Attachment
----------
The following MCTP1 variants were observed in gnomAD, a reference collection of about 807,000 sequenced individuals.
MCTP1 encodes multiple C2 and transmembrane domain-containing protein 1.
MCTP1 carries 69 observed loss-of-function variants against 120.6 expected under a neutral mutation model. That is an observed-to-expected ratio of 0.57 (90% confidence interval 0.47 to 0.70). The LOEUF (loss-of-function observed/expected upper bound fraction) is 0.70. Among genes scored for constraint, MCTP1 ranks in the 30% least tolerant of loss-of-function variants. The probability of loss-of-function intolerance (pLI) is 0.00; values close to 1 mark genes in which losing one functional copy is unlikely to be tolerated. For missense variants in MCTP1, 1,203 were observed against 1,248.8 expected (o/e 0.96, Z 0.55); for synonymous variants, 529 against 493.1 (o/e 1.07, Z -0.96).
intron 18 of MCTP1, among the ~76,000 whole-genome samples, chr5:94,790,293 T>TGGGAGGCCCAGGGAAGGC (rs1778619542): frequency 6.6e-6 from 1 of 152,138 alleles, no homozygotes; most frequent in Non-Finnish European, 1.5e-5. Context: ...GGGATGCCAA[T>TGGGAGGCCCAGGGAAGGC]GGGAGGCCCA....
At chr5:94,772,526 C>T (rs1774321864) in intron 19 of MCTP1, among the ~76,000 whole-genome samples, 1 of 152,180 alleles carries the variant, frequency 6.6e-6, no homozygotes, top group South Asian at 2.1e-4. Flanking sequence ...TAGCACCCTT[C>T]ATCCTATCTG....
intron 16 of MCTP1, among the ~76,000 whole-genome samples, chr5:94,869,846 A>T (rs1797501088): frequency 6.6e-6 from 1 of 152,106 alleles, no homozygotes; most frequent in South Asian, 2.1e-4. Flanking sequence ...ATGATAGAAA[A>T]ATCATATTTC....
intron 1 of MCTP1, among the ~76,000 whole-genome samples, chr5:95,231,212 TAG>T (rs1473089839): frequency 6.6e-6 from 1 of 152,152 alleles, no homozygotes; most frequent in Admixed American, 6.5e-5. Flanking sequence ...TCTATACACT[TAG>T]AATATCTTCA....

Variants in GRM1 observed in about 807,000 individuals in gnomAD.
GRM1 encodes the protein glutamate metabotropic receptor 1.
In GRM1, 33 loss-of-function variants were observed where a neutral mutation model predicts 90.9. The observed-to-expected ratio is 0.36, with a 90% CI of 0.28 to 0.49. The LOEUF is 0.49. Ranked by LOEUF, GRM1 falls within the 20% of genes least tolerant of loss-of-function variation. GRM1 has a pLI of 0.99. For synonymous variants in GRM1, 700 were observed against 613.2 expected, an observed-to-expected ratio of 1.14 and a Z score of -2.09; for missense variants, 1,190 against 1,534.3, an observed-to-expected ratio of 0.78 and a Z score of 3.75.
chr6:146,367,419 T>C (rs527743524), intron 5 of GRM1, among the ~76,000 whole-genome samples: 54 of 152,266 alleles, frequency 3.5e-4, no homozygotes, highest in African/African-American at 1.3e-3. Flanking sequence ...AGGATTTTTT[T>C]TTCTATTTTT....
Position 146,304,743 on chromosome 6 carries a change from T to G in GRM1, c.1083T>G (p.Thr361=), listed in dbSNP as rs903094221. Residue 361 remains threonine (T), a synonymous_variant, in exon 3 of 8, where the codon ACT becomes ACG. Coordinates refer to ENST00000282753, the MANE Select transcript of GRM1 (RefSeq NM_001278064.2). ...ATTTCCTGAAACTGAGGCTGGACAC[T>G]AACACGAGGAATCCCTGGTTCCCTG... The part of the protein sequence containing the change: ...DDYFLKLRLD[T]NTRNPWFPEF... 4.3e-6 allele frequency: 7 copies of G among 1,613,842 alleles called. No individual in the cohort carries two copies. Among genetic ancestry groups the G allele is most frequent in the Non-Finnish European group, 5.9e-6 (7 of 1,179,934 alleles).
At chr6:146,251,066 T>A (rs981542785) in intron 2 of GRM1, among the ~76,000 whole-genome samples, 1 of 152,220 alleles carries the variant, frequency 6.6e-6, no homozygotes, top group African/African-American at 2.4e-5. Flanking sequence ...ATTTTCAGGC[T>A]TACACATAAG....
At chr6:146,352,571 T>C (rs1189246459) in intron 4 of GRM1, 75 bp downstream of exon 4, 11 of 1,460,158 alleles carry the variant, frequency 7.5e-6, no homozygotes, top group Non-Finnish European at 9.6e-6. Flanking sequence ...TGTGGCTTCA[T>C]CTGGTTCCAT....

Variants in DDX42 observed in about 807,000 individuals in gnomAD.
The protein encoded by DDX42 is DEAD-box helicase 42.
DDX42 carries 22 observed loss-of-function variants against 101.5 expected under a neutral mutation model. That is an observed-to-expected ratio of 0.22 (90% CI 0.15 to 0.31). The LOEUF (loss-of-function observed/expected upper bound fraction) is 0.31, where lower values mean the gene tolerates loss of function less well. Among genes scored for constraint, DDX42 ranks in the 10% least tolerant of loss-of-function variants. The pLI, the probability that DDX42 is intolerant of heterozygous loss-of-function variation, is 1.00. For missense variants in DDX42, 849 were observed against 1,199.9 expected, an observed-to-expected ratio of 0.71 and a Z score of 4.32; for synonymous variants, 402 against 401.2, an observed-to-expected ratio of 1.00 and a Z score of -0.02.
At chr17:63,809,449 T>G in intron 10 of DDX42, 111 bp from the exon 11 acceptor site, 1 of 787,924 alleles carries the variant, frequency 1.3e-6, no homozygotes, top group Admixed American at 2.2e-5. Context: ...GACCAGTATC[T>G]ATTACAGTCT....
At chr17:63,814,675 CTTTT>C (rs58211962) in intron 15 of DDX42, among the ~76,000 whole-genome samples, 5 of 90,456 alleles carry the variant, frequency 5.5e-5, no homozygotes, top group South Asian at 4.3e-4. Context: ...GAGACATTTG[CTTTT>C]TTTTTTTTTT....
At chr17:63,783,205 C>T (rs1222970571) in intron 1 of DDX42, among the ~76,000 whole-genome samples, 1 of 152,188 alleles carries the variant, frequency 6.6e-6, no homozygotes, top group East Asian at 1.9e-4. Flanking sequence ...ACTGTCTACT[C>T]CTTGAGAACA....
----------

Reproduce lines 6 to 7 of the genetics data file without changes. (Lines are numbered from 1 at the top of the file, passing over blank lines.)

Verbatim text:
intron 16 of MCTP1, among the ~76,000 whole-genome samples, chr5:94,869,846 A>T (rs1797501088): frequency 6.6e-6 from 1 of 152,106 alleles, no homozygotes; most frequent in South Asian, 2.1e-4. Flanking sequence ...ATGATAGAAA[A>T]ATCATATTTC....
intron 1 of MCTP1, among the ~76,000 whole-genome samples, chr5:95,231,212 TAG>T (rs1473089839): frequency 6.6e-6 from 1 of 152,152 alleles, no homozygotes; most frequent in Admixed American, 6.5e-5. Flanking sequence ...TCTATACACT[TAG>T]AATATCTTCA....